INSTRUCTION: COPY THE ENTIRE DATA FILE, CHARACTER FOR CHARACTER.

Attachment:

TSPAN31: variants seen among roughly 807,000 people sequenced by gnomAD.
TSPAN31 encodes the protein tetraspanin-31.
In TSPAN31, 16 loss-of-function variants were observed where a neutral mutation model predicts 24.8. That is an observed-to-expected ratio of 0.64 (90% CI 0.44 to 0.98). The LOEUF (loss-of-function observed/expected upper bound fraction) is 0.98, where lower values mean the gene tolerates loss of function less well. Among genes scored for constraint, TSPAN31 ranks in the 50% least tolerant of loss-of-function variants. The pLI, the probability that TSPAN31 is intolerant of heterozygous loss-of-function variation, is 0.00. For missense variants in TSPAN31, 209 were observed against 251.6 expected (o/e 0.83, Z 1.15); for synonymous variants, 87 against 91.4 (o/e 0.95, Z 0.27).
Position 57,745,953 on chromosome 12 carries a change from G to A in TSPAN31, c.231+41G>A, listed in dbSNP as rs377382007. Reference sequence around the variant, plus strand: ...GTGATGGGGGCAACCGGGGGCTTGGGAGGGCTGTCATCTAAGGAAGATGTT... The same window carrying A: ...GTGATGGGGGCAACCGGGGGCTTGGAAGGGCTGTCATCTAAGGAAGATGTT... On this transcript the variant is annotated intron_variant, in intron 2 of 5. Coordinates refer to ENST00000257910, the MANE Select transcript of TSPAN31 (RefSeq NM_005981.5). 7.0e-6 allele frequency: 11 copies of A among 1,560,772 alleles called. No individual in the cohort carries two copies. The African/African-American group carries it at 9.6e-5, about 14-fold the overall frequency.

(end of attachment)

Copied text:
TSPAN31: variants seen among roughly 807,000 people sequenced by gnomAD.
TSPAN31 encodes the protein tetraspanin-31.
In TSPAN31, 16 loss-of-function variants were observed where a neutral mutation model predicts 24.8. That is an observed-to-expected ratio of 0.64 (90% CI 0.44 to 0.98). The LOEUF (loss-of-function observed/expected upper bound fraction) is 0.98, where lower values mean the gene tolerates loss of function less well. Among genes scored for constraint, TSPAN31 ranks in the 50% least tolerant of loss-of-function variants. The pLI, the probability that TSPAN31 is intolerant of heterozygous loss-of-function variation, is 0.00. For missense variants in TSPAN31, 209 were observed against 251.6 expected (o/e 0.83, Z 1.15); for synonymous variants, 87 against 91.4 (o/e 0.95, Z 0.27).
Position 57,745,953 on chromosome 12 carries a change from G to A in TSPAN31, c.231+41G>A, listed in dbSNP as rs377382007. Reference sequence around the variant, plus strand: ...GTGATGGGGGCAACCGGGGGCTTGGGAGGGCTGTCATCTAAGGAAGATGTT... The same window carrying A: ...GTGATGGGGGCAACCGGGGGCTTGGAAGGGCTGTCATCTAAGGAAGATGTT... On this transcript the variant is annotated intron_variant, in intron 2 of 5. Coordinates refer to ENST00000257910, the MANE Select transcript of TSPAN31 (RefSeq NM_005981.5). 7.0e-6 allele frequency: 11 copies of A among 1,560,772 alleles called. No individual in the cohort carries two copies. The African/African-American group carries it at 9.6e-5, about 14-fold the overall frequency.